Expected inflation and actual inflation Expectations of inflation are a major determinant of actual inflation according to modern macroeconomic theory. Low inflation expectations may keep actual inflation lower, all else equal, making it more difficult for the Fed to return inflation to target. I have argued that market-based measures of inflation expectations have been unduly influenced by the large movements in crude oil prices. Nevertheless, with renewed declines in crude oil prices in recent weeks, the associated decline in market-based inflation expectations measures is becoming worrisome.

Crude Oil Prices and the U.S. Economy

Crude oil prices and the U.S. economy Crude oil price declines since mid-2014 are helping to keep headline inflation very low in the U.S. For the macroeconomy as a whole, the relatively low crude oil prices the U.S. is enjoying today are likely a bullish factor. Automobile sales, for instance, have been strong. More generally, real personal consumption expenditures (PCE) growth accelerated during the period of the large drop in oil prices from mid-2014 to mid-2015. This could be viewed as mild evidence that the oil price decline is a bullish factor for the U.S.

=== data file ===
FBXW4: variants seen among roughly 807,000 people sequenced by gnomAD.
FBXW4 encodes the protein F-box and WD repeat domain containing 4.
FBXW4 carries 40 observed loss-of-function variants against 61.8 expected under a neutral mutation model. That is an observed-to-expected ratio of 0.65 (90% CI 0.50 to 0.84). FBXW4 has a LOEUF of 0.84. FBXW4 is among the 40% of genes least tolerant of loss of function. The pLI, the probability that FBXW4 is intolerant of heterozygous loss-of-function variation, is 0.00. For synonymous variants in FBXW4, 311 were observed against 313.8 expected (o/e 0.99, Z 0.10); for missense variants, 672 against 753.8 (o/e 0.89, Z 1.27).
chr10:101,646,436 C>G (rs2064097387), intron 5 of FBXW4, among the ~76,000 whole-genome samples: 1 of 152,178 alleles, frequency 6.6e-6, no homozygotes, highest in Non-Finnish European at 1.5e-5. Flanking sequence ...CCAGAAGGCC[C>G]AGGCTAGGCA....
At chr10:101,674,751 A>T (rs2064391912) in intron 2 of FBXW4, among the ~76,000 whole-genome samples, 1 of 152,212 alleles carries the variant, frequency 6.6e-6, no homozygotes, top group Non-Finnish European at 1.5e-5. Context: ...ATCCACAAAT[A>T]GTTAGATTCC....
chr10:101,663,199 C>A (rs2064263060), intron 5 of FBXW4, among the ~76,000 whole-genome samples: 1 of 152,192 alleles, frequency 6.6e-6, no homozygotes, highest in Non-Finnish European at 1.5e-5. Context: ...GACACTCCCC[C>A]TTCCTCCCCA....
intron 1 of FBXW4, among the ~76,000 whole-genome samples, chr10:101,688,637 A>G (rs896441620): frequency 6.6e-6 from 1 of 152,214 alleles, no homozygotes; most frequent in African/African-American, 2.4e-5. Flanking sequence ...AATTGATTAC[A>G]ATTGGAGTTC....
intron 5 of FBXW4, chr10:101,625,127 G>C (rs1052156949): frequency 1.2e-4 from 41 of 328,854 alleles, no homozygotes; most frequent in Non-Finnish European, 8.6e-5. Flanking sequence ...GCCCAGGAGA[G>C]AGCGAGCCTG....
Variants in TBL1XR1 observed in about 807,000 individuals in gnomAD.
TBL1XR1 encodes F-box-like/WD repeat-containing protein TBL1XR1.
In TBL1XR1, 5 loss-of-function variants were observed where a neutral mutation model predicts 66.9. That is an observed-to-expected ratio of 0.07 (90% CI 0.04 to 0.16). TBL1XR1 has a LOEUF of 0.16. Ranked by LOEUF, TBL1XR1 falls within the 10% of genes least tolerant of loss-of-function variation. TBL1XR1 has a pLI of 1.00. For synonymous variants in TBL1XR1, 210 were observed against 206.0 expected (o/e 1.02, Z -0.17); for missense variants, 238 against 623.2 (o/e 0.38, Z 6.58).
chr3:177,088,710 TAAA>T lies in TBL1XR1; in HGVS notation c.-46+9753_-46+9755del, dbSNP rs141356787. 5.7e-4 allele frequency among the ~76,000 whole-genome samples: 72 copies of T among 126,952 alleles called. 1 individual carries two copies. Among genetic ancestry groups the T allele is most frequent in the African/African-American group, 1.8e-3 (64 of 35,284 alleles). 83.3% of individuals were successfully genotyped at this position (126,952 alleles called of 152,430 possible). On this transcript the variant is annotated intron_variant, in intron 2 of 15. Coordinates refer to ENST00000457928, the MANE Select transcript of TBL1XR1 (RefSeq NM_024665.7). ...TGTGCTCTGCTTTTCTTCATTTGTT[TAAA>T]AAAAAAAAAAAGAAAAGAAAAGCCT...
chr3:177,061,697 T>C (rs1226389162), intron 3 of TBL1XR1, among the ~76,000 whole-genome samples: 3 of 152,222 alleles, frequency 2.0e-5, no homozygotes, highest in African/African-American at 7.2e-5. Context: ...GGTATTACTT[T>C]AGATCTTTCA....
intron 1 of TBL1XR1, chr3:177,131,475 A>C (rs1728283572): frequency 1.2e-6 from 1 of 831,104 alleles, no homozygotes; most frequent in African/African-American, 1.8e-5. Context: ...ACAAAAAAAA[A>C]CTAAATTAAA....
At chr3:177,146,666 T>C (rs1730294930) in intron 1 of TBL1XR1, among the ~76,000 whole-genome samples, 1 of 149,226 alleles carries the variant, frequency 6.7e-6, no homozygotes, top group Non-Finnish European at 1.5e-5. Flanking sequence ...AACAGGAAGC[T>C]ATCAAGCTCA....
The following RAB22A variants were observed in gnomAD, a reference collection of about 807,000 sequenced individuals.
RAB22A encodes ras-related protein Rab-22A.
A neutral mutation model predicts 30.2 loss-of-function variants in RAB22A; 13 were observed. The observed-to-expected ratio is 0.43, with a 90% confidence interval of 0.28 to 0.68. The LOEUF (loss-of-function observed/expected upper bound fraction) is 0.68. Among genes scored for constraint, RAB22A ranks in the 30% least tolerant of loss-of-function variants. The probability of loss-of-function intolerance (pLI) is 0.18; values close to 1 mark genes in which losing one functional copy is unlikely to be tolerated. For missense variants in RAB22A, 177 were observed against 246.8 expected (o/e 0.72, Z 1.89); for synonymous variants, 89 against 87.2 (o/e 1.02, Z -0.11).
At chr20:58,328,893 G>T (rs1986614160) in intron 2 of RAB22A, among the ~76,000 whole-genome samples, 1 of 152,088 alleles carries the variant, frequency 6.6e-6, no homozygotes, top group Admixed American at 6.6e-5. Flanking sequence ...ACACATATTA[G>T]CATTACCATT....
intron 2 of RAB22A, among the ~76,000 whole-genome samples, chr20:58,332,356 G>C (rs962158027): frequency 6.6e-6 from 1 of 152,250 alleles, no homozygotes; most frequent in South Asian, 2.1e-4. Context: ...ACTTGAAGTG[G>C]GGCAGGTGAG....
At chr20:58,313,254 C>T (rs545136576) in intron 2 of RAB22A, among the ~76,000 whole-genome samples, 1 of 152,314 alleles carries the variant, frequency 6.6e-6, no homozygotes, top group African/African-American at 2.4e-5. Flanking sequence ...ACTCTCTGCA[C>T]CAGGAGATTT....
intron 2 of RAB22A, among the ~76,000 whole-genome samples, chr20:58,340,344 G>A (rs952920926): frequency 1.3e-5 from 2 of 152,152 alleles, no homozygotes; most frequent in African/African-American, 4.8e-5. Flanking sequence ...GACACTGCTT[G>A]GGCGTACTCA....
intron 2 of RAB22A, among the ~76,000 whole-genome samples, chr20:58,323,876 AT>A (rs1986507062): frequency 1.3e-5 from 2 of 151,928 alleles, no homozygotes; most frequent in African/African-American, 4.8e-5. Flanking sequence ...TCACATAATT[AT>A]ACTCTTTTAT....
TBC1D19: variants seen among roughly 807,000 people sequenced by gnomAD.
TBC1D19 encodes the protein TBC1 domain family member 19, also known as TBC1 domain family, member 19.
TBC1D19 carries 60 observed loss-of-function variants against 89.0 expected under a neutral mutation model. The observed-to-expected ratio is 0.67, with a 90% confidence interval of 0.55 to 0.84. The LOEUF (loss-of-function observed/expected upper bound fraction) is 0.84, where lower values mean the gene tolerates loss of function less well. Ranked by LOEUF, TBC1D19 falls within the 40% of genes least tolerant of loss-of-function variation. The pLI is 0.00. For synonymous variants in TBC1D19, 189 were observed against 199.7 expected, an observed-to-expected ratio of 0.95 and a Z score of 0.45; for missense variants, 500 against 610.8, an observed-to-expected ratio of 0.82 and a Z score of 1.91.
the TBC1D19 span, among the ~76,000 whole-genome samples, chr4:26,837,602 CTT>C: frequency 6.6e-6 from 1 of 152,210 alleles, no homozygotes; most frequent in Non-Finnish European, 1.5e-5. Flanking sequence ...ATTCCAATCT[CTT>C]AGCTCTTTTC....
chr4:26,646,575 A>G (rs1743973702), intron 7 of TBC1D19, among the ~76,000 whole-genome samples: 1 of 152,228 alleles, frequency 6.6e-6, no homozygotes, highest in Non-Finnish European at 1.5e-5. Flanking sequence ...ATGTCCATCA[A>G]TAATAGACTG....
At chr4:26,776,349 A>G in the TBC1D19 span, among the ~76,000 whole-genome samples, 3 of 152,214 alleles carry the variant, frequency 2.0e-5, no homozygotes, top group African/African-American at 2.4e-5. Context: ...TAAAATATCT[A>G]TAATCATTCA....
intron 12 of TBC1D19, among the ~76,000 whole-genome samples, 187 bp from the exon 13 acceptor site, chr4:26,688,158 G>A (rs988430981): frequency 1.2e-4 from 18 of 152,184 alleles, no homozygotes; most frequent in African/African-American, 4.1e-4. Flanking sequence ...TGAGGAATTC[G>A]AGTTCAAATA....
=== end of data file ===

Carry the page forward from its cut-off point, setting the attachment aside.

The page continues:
Consumption growth increased as oil prices declined

Source: Bureau of Economic Analysis. Last observation: November 2015.

Summary

Summary The recent movements in crude oil prices are very substantial in historical context. Headline inflation will return to target once oil prices stabilize, but recent further declines in global oil prices are calling into question when such a stabilization may occur. Inflation expectations in the U.S. may be falling. If so, this would put downward pressure on inflation. Relatively low oil prices remain a net positive for the U.S. economy.

Federal Reserve Bank of St. Louis stlouisfed.org Follow us on Twitter twitter.com/stlouisfed Federal Reserve Economic Data (FRED) research.stlouisfed.org/fred2/ James Bullard stlouisfed.org/bullard/